Employment Law

Employment Law: Arbitration Agreements

By on July 20, 2015 - Comments off

Cruise v. Kroger, (Second District, August 27, 2014) 176 Cal.Rptr.3d 612, 124 Fair Empl.Prac.Cas. (BNA) 376, 14 Cal. Daily Op. Serv. 10,219, 2014 Daily Journal D.A.R. 11,925

A woman who was terminated from her employment as assistant manager of human resources after only seven weeks on the job brought an action against the employer, asserting statutory causes of action pursuant to the Fair Employment and Housing Act (FEHA), for retaliation, sexual harassment, sexual and racial discrimination, failure to investigate and prevent harassment and retaliation, as well as common law claims for wrongful termination.  The defendant filed a motion to compel arbitration, pursuant to a clause in the employment application which required arbitration of employment-related disputes, and incorporated by reference the company’s Mediation & Binding Arbitration Policy. The policy provided that the arbitrator “must be a retired state or federal judge,’ … ‘and neither the American Arbitration Association (‘AAA’) nor the Judicial Arbitration & Mediation Services (‘JAMS’) will be permitted to administer any arbitration held under or pursuant to this Arbitration Policy.’”

The plaintiff opposed the motion, contending that she never signed the arbitration agreement, the clause was vague, and that she was never provided a copy of the arbitration policy, which was a four-page undated document in the defendant’s employee handbook, which she had also never been given. The plaintiff further contended that the policy was procedurally and substantively unconscionable. Read the rest »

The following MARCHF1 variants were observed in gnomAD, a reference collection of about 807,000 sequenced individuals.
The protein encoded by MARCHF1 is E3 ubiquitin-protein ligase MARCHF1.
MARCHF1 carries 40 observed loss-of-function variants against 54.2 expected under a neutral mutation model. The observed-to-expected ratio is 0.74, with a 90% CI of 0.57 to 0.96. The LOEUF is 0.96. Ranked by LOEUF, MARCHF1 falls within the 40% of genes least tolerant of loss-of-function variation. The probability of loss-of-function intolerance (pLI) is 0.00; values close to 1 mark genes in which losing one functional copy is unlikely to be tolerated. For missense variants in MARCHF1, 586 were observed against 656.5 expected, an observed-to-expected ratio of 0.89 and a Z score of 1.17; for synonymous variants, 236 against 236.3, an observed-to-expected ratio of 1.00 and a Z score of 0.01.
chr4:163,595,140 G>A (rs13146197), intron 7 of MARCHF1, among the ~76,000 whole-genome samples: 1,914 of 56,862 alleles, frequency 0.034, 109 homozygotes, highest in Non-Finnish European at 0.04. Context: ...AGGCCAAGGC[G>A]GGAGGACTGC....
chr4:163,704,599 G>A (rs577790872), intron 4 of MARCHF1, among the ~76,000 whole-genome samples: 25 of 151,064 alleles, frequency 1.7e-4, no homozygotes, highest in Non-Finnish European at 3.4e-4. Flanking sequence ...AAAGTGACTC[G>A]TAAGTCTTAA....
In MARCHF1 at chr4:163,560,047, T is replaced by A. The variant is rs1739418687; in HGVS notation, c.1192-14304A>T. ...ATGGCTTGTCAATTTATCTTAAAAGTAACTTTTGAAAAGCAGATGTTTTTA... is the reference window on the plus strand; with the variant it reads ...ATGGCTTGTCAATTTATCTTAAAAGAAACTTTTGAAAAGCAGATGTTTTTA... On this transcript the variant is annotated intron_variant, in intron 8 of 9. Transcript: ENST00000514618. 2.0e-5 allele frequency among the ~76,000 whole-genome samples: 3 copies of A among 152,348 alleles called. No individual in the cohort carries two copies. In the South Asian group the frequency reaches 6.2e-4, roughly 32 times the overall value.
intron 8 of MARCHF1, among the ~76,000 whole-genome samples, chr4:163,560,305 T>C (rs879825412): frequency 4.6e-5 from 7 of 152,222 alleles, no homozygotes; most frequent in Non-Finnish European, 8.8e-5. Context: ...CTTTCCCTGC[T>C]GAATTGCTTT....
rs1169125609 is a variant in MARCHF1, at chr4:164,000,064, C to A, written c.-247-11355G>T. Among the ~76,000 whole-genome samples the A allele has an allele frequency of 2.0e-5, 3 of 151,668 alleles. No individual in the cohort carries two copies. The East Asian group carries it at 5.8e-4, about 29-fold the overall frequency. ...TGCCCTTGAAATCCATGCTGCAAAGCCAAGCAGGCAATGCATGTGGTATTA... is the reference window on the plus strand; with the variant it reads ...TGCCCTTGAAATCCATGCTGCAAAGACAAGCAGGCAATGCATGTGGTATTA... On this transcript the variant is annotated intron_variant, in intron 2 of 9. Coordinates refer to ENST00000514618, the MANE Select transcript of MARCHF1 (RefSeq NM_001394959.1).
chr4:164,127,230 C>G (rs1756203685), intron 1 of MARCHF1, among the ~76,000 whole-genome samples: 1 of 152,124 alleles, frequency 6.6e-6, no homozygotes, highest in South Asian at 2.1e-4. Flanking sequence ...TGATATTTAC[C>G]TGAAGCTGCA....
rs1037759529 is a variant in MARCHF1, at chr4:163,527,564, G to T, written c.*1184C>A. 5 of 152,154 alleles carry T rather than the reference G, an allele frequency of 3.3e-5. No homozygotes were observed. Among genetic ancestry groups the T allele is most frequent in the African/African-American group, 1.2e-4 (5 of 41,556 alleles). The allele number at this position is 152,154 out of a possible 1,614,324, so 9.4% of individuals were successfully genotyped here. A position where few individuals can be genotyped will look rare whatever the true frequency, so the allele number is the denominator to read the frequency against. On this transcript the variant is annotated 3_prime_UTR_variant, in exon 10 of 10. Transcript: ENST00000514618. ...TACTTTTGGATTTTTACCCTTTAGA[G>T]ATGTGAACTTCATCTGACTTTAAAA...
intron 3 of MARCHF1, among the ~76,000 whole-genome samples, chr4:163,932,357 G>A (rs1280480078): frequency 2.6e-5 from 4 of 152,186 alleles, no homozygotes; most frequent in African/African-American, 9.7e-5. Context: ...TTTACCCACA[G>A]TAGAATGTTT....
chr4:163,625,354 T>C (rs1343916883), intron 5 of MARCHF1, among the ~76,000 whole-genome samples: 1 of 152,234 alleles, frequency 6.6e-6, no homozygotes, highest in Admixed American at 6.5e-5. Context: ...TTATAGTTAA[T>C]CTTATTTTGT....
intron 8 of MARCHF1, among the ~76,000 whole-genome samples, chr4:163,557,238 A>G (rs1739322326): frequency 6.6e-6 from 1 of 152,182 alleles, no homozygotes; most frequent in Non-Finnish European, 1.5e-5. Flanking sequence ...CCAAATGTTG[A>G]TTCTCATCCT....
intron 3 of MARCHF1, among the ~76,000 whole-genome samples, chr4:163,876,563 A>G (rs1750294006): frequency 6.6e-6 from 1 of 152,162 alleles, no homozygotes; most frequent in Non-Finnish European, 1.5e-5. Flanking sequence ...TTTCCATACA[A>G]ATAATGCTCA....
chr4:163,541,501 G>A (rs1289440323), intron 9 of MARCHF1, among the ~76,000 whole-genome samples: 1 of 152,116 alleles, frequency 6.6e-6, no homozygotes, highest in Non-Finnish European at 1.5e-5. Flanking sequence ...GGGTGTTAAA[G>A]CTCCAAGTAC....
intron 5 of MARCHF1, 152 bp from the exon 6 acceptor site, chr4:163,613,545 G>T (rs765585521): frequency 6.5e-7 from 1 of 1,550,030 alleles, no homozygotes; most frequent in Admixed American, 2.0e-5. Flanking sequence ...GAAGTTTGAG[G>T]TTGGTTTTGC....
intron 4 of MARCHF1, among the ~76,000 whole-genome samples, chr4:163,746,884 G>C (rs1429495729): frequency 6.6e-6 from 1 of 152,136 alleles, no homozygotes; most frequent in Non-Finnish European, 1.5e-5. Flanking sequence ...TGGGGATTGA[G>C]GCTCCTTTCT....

Posted in: Employment Law


Employment Law: Agreement to Shorten Statute

By on March 4, 2015 - Comments off

Ellis v. U.S. Security Associates, (First District, March 20, 2014) 2014 WL 1229038, 14 Cal. Daily Op. Serv. 3098, 2014 Daily Journal D.A.R. 3098, 2014 Daily Journal D.A.R. 3588    

A security guard who resigned from her job after being sexually harassed by her supervisor, filed a timely complaint with the California Department of Fair Employment and Housing (DFEH). Upon receiving a right-to-sue letter, she filed a complaint asserting claims for sex discrimination and sexual harassment in violation of Government Code § 12940, failure to maintain an environment free from harassment (§ 12940(k)), retaliation in violation of § 12940(h), intentional infliction of emotional distress, and negligent hiring, supervision, and retention. 

The employer moved for judgment on the pleadings, based on the plaintiff’s signed application for employment which provided that she agreed “any claim or lawsuit … must be filed no more than six (6) months after the date of the employment action,” and waived “any statute of limitations to the contrary.”   The trial court granted the motion and dismissed the complaint, apparently concluding that the shortened limitation provision was enforceable.  However, the court of appeal reversed, holding that the six-month limitation provision in the application for employment was unreasonable and against public policy, and therefore unenforceable: